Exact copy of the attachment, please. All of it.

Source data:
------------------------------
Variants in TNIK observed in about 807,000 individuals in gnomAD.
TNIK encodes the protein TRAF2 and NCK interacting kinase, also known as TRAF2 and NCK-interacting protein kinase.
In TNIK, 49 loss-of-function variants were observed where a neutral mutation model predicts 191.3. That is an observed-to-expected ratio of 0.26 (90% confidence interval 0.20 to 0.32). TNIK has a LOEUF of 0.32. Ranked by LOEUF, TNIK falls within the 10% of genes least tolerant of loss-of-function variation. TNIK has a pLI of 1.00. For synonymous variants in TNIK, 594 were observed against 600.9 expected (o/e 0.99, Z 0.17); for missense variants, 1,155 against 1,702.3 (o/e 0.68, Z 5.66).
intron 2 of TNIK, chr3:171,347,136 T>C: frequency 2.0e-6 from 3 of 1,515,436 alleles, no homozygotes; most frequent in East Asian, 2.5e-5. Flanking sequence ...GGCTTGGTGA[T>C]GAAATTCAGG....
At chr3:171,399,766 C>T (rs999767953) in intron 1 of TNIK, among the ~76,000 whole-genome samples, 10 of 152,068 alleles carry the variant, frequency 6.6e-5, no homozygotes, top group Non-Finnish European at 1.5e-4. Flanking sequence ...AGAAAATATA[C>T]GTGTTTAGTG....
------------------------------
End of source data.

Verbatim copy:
Variants in TNIK observed in about 807,000 individuals in gnomAD.
TNIK encodes the protein TRAF2 and NCK interacting kinase, also known as TRAF2 and NCK-interacting protein kinase.
In TNIK, 49 loss-of-function variants were observed where a neutral mutation model predicts 191.3. That is an observed-to-expected ratio of 0.26 (90% confidence interval 0.20 to 0.32). TNIK has a LOEUF of 0.32. Ranked by LOEUF, TNIK falls within the 10% of genes least tolerant of loss-of-function variation. TNIK has a pLI of 1.00. For synonymous variants in TNIK, 594 were observed against 600.9 expected (o/e 0.99, Z 0.17); for missense variants, 1,155 against 1,702.3 (o/e 0.68, Z 5.66).
intron 2 of TNIK, chr3:171,347,136 T>C: frequency 2.0e-6 from 3 of 1,515,436 alleles, no homozygotes; most frequent in East Asian, 2.5e-5. Flanking sequence ...GGCTTGGTGA[T>C]GAAATTCAGG....
At chr3:171,399,766 C>T (rs999767953) in intron 1 of TNIK, among the ~76,000 whole-genome samples, 10 of 152,068 alleles carry the variant, frequency 6.6e-5, no homozygotes, top group Non-Finnish European at 1.5e-4. Flanking sequence ...AGAAAATATA[C>T]GTGTTTAGTG....